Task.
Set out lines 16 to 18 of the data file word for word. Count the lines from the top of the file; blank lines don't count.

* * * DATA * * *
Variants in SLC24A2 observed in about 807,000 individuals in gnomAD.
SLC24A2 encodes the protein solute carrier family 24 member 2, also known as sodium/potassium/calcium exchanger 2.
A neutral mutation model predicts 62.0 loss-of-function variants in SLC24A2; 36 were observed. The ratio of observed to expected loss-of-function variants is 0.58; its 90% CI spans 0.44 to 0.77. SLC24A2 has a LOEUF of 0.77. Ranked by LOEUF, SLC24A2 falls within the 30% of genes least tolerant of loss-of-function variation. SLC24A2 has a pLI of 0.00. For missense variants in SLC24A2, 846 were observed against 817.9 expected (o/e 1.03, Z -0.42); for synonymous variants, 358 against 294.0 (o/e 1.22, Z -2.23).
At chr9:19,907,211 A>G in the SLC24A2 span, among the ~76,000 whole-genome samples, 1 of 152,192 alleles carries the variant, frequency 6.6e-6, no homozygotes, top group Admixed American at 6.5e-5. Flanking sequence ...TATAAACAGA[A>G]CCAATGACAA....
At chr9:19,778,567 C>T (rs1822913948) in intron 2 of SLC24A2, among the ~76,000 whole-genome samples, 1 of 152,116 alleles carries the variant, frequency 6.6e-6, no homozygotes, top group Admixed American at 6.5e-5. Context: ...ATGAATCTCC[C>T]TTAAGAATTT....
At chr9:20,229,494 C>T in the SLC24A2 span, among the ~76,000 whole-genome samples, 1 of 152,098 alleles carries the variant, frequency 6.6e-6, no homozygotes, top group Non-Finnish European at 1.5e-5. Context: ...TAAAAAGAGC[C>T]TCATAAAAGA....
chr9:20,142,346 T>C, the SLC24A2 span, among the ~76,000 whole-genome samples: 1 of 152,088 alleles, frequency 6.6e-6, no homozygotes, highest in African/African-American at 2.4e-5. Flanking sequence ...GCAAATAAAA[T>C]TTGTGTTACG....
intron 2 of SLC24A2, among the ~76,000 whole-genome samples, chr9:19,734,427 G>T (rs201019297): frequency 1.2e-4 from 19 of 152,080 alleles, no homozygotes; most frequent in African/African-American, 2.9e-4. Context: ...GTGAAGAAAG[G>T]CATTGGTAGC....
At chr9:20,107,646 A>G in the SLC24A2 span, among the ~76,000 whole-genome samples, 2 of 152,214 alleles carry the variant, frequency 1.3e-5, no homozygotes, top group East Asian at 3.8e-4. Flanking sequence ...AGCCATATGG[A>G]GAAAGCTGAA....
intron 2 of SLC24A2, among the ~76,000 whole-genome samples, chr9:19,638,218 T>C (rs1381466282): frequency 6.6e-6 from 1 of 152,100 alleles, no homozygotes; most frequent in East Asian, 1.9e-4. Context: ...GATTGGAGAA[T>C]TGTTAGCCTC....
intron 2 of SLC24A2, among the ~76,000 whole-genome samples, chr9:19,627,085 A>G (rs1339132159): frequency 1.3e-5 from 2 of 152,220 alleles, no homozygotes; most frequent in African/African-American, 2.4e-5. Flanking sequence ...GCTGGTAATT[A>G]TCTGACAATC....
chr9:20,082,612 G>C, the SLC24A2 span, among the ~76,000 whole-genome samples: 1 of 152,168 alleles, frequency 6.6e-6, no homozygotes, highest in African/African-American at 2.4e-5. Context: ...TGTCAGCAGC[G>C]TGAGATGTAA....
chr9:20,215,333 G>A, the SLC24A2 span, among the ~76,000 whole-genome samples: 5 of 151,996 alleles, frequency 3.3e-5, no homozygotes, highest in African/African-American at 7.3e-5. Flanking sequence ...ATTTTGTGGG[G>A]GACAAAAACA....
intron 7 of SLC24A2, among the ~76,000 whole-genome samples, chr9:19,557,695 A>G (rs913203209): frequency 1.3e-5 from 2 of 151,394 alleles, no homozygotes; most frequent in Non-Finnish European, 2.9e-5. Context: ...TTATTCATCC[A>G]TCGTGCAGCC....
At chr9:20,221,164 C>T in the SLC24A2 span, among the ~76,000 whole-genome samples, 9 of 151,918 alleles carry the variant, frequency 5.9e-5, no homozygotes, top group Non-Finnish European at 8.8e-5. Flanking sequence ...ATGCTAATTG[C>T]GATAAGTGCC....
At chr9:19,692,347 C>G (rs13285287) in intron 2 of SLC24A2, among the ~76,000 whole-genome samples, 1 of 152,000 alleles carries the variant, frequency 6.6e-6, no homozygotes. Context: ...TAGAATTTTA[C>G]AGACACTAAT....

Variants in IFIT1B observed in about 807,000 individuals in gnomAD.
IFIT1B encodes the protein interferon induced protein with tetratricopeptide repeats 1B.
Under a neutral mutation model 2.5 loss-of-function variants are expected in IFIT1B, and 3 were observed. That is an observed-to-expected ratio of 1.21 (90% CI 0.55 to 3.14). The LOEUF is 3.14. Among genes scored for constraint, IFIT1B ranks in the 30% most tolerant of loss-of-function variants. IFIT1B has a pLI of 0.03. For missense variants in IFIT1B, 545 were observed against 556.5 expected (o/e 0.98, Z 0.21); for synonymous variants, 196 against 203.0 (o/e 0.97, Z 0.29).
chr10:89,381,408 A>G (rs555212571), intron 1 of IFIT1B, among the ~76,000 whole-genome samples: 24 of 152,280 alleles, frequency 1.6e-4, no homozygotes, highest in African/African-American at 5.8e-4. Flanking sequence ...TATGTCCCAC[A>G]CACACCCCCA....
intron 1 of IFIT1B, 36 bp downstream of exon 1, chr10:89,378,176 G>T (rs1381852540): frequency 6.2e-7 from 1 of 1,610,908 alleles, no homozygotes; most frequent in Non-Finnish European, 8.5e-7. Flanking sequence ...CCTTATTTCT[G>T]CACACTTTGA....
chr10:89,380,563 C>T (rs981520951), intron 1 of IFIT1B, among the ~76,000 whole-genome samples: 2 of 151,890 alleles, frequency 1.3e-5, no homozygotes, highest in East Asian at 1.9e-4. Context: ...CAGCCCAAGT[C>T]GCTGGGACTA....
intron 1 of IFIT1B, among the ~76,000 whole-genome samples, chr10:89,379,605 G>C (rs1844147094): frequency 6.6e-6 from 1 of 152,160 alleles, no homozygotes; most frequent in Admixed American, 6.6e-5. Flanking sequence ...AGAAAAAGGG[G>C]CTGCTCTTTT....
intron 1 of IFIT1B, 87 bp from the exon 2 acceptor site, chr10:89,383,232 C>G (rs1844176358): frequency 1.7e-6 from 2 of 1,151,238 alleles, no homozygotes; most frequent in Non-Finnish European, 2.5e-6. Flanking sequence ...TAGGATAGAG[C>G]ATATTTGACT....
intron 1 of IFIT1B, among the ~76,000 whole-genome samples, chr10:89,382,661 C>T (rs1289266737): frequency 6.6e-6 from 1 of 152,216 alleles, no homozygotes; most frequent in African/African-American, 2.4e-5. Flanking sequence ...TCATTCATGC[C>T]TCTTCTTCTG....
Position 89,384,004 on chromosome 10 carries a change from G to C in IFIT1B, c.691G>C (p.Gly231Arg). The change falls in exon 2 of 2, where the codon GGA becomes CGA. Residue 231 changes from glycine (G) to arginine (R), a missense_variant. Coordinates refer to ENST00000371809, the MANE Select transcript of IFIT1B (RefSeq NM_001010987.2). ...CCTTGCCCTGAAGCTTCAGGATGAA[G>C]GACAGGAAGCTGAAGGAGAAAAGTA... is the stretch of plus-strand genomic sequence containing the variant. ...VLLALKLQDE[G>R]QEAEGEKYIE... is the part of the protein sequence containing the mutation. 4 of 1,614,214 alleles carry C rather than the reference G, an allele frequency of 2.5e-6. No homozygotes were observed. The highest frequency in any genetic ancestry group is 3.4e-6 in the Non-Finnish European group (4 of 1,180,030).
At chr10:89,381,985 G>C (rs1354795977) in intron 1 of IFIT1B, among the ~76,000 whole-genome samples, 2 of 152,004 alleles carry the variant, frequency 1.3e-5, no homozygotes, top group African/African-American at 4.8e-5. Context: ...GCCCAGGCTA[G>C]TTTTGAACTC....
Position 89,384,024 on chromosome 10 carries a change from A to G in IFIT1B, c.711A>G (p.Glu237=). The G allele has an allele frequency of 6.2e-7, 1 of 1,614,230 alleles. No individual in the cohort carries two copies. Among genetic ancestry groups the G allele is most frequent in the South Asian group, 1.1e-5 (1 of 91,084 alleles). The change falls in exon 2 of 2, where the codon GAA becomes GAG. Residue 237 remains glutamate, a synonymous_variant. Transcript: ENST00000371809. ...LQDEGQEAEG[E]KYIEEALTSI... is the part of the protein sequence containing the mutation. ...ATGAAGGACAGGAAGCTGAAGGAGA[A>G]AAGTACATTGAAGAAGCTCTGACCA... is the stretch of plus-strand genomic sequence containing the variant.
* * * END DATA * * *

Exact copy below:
At chr9:19,692,347 C>G (rs13285287) in intron 2 of SLC24A2, among the ~76,000 whole-genome samples, 1 of 152,000 alleles carries the variant, frequency 6.6e-6, no homozygotes. Context: ...TAGAATTTTA[C>G]AGACACTAAT....

Variants in IFIT1B observed in about 807,000 individuals in gnomAD.
IFIT1B encodes the protein interferon induced protein with tetratricopeptide repeats 1B.